Acquiring or partnering with a fintech? Planning is everything
Key considerations for financial institutions
INSIGHT ARTICLE |
As financial institutions look to expand their services digitally to remain competitive in the crowded financial services marketplace, many may consider acquiring or partnering with existing fintech businesses to gain these needed cutting-edge technologies. Acquired services like financial apps, digital payment solutions and lending technologies can be integrated into existing financial services and often are seamlessly provided to customers. While smaller, middle market financial institutions may lack the internal resources to develop these technologies on their own, acquisitions or partnerships provide a next-best solution. These enhanced services allow institutions to build relationships with new and existing customers, create operational efficiencies and open up new business opportunities, all in a speedy, proficient, cost-effective way.
However, while there are a variety of advantages in working with third-party technology providers or fintech partners to launch these newer services and operations, failure to properly select and manage vendors, partners or new acquisitions from the start can deliver the opposite effect, creating additional risks and unforeseen exposures for the institution.
Planning is everything when it comes to partnering with or acquiring fintech services. Here are some tips for financial institutions to consider:
Understand the needs of your customers or members
The first step before considering a fintech partner or acquisition is understanding what your consumers truly want in the way of financial services, and how do they want them delivered. Do they require savings vehicles, mobile payment resources, wealth planning and more? Do they prefer online banking, in-person tellers, financial planning apps? Institutions can pinpoint these needs and buying behaviors via surveys, customer focus groups, call centers, or even discussions and information-gathering with employees. The important consideration here is to get the data first before selecting what you assume might work. Make informed decisions on what’s lacking or needs to be fortified in the way of your services through data and research, and then begin the process of identifying how to get those services implemented.
Acquire or partner: managing the process
Once your needed services, operations and resources are identified, it’s time to acquire or partner with a fintech or third-party vendor. There are likely a variety of choices. Your options can be filtered down by completing a formal vendor selection process led by an appointed project manager. This approach can help you weigh benefits, risks and complete rigorous due diligence to ensure a successful transaction and solution launch.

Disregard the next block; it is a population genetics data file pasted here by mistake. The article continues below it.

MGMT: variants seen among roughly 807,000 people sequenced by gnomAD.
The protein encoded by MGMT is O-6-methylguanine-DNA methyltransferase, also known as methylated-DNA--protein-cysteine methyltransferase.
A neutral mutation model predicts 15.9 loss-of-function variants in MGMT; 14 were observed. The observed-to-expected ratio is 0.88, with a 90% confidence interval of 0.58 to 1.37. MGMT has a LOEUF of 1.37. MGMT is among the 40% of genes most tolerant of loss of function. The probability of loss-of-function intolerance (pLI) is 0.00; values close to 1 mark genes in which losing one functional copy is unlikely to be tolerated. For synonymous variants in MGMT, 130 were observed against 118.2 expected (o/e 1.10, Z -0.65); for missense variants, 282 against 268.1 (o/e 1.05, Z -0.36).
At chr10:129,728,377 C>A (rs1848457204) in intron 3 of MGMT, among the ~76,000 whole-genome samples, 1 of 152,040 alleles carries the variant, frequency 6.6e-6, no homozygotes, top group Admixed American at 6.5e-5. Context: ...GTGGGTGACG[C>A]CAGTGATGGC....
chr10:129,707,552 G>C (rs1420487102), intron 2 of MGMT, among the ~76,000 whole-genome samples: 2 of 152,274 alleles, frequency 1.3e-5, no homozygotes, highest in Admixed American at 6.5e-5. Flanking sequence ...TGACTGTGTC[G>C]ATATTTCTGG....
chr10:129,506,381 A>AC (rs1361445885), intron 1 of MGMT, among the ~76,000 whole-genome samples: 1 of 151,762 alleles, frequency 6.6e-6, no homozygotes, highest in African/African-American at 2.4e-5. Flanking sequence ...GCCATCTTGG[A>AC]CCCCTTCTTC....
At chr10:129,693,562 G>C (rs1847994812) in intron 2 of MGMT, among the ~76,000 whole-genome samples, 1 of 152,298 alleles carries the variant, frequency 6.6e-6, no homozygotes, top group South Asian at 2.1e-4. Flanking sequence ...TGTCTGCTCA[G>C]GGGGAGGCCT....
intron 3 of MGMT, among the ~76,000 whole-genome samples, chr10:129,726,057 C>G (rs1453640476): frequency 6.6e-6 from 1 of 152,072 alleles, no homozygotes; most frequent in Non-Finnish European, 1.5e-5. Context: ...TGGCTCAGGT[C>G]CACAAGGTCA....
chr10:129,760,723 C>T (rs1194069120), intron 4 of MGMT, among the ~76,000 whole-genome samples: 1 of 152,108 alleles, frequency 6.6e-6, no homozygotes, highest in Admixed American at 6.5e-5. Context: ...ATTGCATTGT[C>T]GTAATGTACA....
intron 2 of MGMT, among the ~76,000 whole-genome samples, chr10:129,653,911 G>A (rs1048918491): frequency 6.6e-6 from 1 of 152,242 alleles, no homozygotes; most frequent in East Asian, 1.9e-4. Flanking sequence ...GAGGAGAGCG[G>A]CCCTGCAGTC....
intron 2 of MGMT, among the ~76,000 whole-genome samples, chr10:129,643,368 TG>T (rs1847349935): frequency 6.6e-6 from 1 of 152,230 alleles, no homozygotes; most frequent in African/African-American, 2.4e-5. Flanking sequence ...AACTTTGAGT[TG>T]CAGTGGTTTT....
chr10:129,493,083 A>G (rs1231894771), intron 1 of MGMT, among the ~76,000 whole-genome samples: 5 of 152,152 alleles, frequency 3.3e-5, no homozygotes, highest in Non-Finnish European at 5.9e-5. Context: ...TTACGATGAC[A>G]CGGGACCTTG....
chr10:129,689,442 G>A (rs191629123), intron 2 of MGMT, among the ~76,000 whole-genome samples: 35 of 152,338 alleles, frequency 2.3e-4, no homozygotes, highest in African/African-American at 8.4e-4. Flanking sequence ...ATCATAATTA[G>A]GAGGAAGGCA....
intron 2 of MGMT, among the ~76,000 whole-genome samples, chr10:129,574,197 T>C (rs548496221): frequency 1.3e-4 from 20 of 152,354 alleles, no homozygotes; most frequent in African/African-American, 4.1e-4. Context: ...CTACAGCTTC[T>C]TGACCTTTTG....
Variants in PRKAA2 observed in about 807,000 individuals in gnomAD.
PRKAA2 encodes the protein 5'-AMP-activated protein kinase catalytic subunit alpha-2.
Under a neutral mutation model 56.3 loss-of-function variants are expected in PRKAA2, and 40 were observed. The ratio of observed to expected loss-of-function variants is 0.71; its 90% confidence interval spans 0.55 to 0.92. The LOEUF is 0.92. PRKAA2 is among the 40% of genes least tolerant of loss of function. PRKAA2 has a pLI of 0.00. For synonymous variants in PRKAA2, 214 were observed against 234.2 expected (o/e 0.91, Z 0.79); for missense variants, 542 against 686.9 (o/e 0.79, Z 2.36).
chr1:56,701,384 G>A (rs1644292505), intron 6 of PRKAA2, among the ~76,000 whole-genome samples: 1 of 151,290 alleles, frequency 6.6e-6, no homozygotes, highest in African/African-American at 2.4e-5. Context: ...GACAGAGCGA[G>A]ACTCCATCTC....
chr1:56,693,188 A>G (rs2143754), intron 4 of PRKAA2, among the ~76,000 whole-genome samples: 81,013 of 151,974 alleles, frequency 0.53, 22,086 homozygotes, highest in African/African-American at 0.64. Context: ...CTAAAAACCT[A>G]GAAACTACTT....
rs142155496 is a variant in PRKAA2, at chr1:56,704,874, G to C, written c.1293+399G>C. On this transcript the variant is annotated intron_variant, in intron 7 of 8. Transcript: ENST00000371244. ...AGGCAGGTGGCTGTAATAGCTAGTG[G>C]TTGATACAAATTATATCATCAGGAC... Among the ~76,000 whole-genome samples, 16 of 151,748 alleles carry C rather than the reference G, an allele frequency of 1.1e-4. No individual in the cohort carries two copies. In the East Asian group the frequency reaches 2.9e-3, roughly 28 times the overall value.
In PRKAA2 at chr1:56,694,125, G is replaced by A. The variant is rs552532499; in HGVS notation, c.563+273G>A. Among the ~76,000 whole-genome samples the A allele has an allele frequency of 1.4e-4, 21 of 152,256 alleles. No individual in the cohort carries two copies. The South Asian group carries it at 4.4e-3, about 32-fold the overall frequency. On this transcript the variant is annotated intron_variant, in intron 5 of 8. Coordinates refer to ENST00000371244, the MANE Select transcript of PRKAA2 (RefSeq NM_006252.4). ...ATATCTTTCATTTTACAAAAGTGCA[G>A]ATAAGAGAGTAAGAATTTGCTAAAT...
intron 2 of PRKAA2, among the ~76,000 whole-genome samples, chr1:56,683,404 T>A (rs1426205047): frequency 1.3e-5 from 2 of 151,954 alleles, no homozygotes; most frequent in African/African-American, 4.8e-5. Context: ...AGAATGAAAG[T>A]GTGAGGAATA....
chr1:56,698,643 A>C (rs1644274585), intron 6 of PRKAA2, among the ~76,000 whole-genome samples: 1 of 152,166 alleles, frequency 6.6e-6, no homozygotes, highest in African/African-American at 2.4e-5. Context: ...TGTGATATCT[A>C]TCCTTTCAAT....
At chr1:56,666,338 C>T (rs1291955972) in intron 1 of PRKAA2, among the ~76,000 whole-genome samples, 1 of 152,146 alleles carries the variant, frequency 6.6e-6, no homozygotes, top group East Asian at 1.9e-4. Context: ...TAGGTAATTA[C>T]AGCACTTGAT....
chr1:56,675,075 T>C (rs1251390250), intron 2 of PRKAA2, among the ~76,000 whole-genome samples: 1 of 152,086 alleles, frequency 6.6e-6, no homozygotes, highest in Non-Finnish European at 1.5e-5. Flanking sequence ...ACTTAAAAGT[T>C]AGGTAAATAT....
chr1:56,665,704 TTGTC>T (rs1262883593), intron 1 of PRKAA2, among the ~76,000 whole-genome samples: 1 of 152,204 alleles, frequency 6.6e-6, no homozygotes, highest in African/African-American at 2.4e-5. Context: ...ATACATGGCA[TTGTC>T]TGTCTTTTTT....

Design the right solution
Once you’ve landed your fintech partner or acquired the appropriate service, your next steps include working with your new capability to design the right solution for your institution. This may mean working with processes and systems already in place that aren’t being fully utilized, or introducing a solution that’s completely new to the institution. A multifunctional group from your institution should be a part of this design process to provide a variety of insights and intelligence to the service development.
Weigh the risks
Assessing your risks from cybersecurity and data privacy to regulatory compliance must be an ongoing effort in your acquiring or partnering management. This ongoing assessment is something that should be part of your vendor selection process, but also as you work through your FFIEC regulations and other requirements. Additional reviews may include performing background checks on the organization, confirming mutual security parameters are in place, and establishing where data lives and whether the organization or its servers are U.S.- or foreign-based. Other third-party risks to be assessed include the financial viability of the fintech organization and its leaders, and their business continuity and disaster recovery plans. All potential exposures are important to assess as this new fintech relationship could open up avenues of outside threats, breaches and reputation damage to your financial institution.
Define responsibility and allocate resources
A fintech partnership requires management and oversight to be effective. Make sure you have considered ownership at the executive level and internal staffing requirements needed to achieve the full value of your investment with a fintech. Evaluate resource impacts to marketing, staff training, operations, performance and financial reporting functions. Failure to identify and devote the resources required to integrate the selected fintech partner solution into your environment will negatively affect your success. Based on the automation levels of the solution implemented, these resources may need to dedicate time on an ongoing basis for oversight and operations of the solution as well.
Stick to the plan
One of the biggest issues associated with launching a new service or system operation is the failure to execute fully on a project plan. While in a hurry to go to market to launch a service, plan steps may be glossed over, and unfortunately critical items may fall off. To combat this, make sure your institution has a robust project plan and there’s a very clear definition around who is responsible for what, and that integration needs are fully spelled out. A vendor management program can help with this along with some sound change management strategic planning.